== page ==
A family of liqueurs made by the maceration and/or distillation of bitter and/or sweet oranges or tangerines. Orange liqueurs have a strong tradition in Europe, and in France in particular, although they are now made around the world. Some of the best-known orange liqueurs are Cointreau, Grand Marnier, Curaçao, Mandarine Napoleon and triple sec. Orange liqueurs may be flavoured with additional spices or botanicals. They are essential in cocktails such as the Sidecar and the Yellow Daisy.
Each type of orange liqueur is made to a distinct recipe, so each will taste quite different. Be wary of substituting one orange liqueur for another, especially if a recipe calls for a specific liqueur. Price and quality will also vary. Orange liqueurs are widely available.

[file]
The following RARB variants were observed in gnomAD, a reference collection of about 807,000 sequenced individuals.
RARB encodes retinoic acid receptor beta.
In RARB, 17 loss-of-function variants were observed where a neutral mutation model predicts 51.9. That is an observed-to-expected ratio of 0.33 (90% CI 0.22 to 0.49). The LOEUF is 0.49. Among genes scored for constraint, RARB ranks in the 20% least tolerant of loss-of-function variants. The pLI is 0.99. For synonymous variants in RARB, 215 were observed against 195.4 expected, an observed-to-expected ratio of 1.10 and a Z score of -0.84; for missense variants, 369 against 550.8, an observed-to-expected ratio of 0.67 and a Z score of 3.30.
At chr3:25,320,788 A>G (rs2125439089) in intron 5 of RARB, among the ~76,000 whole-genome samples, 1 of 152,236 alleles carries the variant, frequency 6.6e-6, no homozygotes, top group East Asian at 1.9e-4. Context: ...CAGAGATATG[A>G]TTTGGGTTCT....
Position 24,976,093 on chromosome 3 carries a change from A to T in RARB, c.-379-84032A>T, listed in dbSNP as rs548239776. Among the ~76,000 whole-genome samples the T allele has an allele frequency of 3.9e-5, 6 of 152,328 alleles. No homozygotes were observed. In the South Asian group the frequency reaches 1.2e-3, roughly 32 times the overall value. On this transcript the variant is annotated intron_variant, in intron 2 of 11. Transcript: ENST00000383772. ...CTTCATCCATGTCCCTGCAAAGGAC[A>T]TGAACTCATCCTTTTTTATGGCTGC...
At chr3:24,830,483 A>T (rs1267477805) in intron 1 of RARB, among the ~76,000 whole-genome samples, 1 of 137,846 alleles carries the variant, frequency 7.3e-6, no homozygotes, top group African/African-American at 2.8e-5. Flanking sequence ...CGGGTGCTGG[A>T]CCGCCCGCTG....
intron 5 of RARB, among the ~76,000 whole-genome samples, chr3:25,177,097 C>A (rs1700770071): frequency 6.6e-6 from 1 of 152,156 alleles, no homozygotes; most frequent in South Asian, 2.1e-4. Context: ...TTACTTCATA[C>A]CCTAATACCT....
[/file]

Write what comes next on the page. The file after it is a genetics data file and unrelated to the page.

Orange liqueurs tend to have a long shelf-life, although flavour may begin to suffer with very long-term storage (more than one year). Store away from direct light.
Orange liqueurs are used in cooking, as in the classic Seventies dish, crêpes Suzette. They can also be used in a variety of cakes, cheesecakes, mousses and the like.
Article by Susan Low
Type the ingredients you want to use, then click Go. For better results you can use quotation marks around phrases (e.g. "chicken breast"). Alternatively you can search by chef, programme, cuisine, diet, or dish (e.g. Lasagne).